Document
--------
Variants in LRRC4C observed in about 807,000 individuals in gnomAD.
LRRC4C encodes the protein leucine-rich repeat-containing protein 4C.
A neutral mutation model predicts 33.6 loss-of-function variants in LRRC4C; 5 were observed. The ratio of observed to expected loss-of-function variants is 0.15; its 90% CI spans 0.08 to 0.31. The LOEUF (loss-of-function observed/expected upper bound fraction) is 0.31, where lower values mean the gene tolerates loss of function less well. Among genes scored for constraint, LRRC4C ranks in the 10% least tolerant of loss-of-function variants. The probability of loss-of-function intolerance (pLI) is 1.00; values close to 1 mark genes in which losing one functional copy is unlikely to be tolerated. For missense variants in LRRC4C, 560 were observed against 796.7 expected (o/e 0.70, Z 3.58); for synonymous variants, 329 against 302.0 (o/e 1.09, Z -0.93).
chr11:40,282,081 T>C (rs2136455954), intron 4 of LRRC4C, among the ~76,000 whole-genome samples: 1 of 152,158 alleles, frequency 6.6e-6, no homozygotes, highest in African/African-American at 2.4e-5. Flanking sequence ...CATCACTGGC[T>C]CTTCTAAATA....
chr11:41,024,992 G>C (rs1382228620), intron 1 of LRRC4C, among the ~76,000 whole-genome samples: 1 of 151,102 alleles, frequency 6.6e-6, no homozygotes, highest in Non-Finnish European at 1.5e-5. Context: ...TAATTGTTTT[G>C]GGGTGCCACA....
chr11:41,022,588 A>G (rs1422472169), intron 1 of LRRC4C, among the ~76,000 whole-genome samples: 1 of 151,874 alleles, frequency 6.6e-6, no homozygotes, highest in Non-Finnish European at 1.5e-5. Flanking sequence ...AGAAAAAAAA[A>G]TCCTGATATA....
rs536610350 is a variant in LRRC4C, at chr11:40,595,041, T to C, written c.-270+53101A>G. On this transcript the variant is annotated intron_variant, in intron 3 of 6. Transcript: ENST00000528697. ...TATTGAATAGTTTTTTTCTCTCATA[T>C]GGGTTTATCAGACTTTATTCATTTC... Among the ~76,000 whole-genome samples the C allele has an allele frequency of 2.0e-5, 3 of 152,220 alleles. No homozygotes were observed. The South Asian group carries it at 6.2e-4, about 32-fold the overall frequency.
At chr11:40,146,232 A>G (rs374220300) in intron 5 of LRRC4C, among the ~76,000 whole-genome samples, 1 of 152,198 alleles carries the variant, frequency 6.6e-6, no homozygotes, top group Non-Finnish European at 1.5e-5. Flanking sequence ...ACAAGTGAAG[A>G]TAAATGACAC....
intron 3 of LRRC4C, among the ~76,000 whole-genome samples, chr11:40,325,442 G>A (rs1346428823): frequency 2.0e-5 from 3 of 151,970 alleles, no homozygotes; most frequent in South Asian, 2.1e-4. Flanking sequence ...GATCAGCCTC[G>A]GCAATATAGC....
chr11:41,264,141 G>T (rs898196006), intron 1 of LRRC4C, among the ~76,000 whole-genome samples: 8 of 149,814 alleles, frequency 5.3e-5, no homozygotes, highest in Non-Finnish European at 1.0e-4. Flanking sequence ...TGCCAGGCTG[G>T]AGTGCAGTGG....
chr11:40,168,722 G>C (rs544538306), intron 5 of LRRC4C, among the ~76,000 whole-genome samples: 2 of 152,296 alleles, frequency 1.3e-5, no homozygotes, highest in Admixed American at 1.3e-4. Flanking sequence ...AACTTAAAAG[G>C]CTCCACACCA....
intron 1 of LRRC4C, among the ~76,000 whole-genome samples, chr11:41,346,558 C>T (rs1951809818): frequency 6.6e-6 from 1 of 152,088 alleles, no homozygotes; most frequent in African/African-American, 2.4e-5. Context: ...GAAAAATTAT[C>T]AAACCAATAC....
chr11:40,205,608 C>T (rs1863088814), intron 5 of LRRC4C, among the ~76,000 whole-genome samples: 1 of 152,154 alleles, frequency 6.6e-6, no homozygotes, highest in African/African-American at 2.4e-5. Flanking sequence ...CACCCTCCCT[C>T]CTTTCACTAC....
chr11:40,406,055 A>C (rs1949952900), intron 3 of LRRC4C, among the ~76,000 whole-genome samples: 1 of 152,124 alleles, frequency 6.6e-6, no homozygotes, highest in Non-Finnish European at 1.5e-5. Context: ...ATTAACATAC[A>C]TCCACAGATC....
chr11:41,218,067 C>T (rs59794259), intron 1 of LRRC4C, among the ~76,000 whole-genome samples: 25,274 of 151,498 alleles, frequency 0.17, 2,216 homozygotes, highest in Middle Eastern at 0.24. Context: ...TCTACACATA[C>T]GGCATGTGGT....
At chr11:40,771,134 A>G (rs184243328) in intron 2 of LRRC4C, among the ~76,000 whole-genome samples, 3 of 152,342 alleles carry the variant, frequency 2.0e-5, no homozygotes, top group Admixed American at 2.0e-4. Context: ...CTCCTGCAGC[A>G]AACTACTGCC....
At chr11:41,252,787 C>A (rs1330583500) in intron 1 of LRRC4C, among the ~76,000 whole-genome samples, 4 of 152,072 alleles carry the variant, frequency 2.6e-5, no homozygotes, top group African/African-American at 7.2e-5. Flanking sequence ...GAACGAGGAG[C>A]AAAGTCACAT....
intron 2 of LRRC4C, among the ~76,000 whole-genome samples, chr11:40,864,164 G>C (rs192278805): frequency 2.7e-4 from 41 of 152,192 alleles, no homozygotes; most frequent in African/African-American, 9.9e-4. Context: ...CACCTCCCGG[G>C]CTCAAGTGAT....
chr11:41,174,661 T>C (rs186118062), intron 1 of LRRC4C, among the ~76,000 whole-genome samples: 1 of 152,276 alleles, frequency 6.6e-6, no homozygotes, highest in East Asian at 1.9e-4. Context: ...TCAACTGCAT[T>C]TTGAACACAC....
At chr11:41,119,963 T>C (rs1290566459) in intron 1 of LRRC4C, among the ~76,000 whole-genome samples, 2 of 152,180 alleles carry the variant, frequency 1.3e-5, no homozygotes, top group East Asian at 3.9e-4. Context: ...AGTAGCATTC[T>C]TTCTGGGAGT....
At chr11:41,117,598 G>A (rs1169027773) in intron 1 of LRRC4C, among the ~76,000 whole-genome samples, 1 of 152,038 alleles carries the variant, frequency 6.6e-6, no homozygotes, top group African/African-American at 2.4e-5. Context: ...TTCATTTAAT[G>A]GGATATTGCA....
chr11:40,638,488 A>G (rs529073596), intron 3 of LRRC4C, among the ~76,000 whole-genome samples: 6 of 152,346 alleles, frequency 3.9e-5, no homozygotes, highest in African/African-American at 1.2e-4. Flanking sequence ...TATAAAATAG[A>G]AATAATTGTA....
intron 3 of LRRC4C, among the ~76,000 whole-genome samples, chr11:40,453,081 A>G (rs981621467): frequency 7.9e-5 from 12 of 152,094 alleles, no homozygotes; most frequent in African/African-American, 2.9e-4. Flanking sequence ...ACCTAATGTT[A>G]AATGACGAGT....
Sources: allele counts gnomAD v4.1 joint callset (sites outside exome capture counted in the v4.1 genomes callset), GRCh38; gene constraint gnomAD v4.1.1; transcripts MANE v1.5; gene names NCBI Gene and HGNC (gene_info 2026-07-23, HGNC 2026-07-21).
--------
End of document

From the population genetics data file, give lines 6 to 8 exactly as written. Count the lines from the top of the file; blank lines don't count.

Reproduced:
chr11:41,022,588 A>G (rs1422472169), intron 1 of LRRC4C, among the ~76,000 whole-genome samples: 1 of 151,874 alleles, frequency 6.6e-6, no homozygotes, highest in Non-Finnish European at 1.5e-5. Flanking sequence ...AGAAAAAAAA[A>G]TCCTGATATA....
rs536610350 is a variant in LRRC4C, at chr11:40,595,041, T to C, written c.-270+53101A>G. On this transcript the variant is annotated intron_variant, in intron 3 of 6. Transcript: ENST00000528697. ...TATTGAATAGTTTTTTTCTCTCATA[T>C]GGGTTTATCAGACTTTATTCATTTC... Among the ~76,000 whole-genome samples the C allele has an allele frequency of 2.0e-5, 3 of 152,220 alleles. No homozygotes were observed. The South Asian group carries it at 6.2e-4, about 32-fold the overall frequency.
At chr11:40,146,232 A>G (rs374220300) in intron 5 of LRRC4C, among the ~76,000 whole-genome samples, 1 of 152,198 alleles carries the variant, frequency 6.6e-6, no homozygotes, top group Non-Finnish European at 1.5e-5. Flanking sequence ...ACAAGTGAAG[A>G]TAAATGACAC....